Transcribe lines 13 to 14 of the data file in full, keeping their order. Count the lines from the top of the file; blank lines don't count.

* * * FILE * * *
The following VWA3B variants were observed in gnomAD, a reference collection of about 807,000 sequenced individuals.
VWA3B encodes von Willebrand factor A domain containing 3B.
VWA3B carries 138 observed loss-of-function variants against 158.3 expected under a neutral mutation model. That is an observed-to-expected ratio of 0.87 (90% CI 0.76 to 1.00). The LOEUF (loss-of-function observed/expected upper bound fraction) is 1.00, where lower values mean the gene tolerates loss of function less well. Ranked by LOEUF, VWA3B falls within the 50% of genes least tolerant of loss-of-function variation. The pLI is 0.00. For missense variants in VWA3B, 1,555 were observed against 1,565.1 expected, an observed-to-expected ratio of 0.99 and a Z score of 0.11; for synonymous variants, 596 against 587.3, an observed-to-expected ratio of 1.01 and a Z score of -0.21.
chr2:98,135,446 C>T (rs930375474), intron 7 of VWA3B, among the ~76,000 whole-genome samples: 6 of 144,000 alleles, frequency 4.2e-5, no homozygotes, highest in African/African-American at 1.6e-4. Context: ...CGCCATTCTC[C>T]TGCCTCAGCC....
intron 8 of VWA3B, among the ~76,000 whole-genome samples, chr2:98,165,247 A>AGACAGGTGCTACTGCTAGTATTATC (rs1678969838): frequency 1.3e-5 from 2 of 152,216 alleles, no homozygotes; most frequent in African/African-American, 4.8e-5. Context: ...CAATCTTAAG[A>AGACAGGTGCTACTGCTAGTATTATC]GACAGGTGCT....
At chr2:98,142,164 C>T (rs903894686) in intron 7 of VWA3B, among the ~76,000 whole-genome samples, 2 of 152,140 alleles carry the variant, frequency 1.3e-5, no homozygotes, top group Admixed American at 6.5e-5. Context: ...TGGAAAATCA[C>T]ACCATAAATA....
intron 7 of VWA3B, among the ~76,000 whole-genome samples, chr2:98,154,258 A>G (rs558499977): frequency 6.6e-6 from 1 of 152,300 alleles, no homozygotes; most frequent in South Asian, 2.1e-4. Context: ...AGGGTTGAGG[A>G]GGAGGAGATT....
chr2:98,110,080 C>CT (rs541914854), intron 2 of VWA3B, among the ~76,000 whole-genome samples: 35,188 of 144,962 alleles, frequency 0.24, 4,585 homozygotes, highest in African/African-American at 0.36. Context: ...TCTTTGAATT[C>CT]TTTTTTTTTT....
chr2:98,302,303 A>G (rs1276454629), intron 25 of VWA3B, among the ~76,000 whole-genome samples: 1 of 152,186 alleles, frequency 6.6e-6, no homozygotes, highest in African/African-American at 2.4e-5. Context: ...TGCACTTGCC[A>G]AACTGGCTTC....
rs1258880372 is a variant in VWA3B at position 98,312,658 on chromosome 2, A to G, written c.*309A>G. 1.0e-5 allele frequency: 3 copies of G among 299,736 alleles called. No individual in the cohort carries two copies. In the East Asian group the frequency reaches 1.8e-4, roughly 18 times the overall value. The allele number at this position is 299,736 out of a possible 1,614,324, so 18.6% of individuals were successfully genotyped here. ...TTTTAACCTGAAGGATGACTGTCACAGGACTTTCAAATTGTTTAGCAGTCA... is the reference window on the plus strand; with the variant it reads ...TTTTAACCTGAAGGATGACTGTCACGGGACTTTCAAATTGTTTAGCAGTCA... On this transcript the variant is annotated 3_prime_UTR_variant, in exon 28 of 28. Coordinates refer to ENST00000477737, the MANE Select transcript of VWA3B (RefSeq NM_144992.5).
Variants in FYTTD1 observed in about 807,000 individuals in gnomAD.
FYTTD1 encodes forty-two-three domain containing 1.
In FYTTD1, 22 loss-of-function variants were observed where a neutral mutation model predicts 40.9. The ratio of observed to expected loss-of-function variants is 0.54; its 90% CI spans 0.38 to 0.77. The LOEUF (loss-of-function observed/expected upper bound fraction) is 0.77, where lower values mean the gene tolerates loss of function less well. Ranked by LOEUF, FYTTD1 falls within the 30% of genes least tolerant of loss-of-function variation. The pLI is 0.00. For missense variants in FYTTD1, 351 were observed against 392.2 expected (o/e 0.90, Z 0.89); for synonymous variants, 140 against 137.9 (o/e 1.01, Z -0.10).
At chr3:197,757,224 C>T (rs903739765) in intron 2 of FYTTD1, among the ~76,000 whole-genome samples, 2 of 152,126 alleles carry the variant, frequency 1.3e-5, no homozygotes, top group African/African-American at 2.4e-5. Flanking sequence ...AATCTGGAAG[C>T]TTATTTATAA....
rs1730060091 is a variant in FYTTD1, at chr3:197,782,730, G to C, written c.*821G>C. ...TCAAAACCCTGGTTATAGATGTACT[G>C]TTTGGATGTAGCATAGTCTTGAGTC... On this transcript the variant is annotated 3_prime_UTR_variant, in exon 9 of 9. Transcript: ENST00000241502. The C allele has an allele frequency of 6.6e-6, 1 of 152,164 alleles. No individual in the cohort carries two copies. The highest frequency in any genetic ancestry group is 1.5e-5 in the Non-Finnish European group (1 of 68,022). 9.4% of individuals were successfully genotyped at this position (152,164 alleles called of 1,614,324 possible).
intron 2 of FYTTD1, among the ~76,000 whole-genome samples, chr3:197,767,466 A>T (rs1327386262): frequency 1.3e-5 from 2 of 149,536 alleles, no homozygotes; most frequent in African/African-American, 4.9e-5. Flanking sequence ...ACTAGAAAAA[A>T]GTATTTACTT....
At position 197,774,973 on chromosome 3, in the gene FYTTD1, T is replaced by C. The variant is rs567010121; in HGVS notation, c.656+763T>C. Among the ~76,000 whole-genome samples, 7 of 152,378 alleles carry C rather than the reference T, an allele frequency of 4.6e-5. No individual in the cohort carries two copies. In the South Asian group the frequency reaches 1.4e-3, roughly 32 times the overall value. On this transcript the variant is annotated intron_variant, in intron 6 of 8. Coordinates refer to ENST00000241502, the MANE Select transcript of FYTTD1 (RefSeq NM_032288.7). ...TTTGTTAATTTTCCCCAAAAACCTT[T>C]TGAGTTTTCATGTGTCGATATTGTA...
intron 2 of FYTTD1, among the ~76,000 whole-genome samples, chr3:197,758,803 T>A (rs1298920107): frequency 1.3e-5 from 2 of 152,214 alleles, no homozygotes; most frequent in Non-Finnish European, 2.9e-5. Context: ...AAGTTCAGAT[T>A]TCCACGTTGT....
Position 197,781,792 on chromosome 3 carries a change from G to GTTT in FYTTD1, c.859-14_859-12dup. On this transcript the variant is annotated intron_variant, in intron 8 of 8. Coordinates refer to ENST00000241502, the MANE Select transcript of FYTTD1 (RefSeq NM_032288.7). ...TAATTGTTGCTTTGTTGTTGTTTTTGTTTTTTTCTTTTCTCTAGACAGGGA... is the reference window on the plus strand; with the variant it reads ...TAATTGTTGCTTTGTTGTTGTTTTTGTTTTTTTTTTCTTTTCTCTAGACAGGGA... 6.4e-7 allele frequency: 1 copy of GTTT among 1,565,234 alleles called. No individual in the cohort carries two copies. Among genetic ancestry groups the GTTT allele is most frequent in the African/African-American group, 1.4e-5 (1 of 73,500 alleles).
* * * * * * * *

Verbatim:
In FYTTD1, 22 loss-of-function variants were observed where a neutral mutation model predicts 40.9. The ratio of observed to expected loss-of-function variants is 0.54; its 90% CI spans 0.38 to 0.77. The LOEUF (loss-of-function observed/expected upper bound fraction) is 0.77, where lower values mean the gene tolerates loss of function less well. Ranked by LOEUF, FYTTD1 falls within the 30% of genes least tolerant of loss-of-function variation. The pLI is 0.00. For missense variants in FYTTD1, 351 were observed against 392.2 expected (o/e 0.90, Z 0.89); for synonymous variants, 140 against 137.9 (o/e 1.01, Z -0.10).
At chr3:197,757,224 C>T (rs903739765) in intron 2 of FYTTD1, among the ~76,000 whole-genome samples, 2 of 152,126 alleles carry the variant, frequency 1.3e-5, no homozygotes, top group African/African-American at 2.4e-5. Flanking sequence ...AATCTGGAAG[C>T]TTATTTATAA....